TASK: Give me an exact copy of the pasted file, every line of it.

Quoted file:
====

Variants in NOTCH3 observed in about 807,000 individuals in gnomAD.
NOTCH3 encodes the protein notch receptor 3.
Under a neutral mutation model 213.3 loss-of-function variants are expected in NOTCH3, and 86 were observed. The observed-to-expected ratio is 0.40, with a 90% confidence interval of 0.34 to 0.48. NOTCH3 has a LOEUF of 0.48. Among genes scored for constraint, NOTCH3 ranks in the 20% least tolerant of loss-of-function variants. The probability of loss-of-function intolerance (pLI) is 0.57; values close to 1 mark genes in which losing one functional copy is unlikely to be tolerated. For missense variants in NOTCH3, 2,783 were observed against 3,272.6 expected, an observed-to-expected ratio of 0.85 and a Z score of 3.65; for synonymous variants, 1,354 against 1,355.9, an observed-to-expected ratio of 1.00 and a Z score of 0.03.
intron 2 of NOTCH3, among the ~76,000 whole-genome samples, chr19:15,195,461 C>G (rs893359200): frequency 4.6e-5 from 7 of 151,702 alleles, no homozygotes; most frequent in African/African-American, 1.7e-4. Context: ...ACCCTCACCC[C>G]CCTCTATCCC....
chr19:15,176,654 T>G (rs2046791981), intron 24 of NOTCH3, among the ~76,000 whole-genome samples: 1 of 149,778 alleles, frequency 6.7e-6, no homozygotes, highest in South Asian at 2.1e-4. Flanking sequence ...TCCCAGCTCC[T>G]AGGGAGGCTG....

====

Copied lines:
Variants in NOTCH3 observed in about 807,000 individuals in gnomAD.
NOTCH3 encodes the protein notch receptor 3.
Under a neutral mutation model 213.3 loss-of-function variants are expected in NOTCH3, and 86 were observed. The observed-to-expected ratio is 0.40, with a 90% confidence interval of 0.34 to 0.48. NOTCH3 has a LOEUF of 0.48. Among genes scored for constraint, NOTCH3 ranks in the 20% least tolerant of loss-of-function variants. The probability of loss-of-function intolerance (pLI) is 0.57; values close to 1 mark genes in which losing one functional copy is unlikely to be tolerated. For missense variants in NOTCH3, 2,783 were observed against 3,272.6 expected, an observed-to-expected ratio of 0.85 and a Z score of 3.65; for synonymous variants, 1,354 against 1,355.9, an observed-to-expected ratio of 1.00 and a Z score of 0.03.
intron 2 of NOTCH3, among the ~76,000 whole-genome samples, chr19:15,195,461 C>G (rs893359200): frequency 4.6e-5 from 7 of 151,702 alleles, no homozygotes; most frequent in African/African-American, 1.7e-4. Context: ...ACCCTCACCC[C>G]CCTCTATCCC....
chr19:15,176,654 T>G (rs2046791981), intron 24 of NOTCH3, among the ~76,000 whole-genome samples: 1 of 149,778 alleles, frequency 6.7e-6, no homozygotes, highest in South Asian at 2.1e-4. Flanking sequence ...TCCCAGCTCC[T>G]AGGGAGGCTG....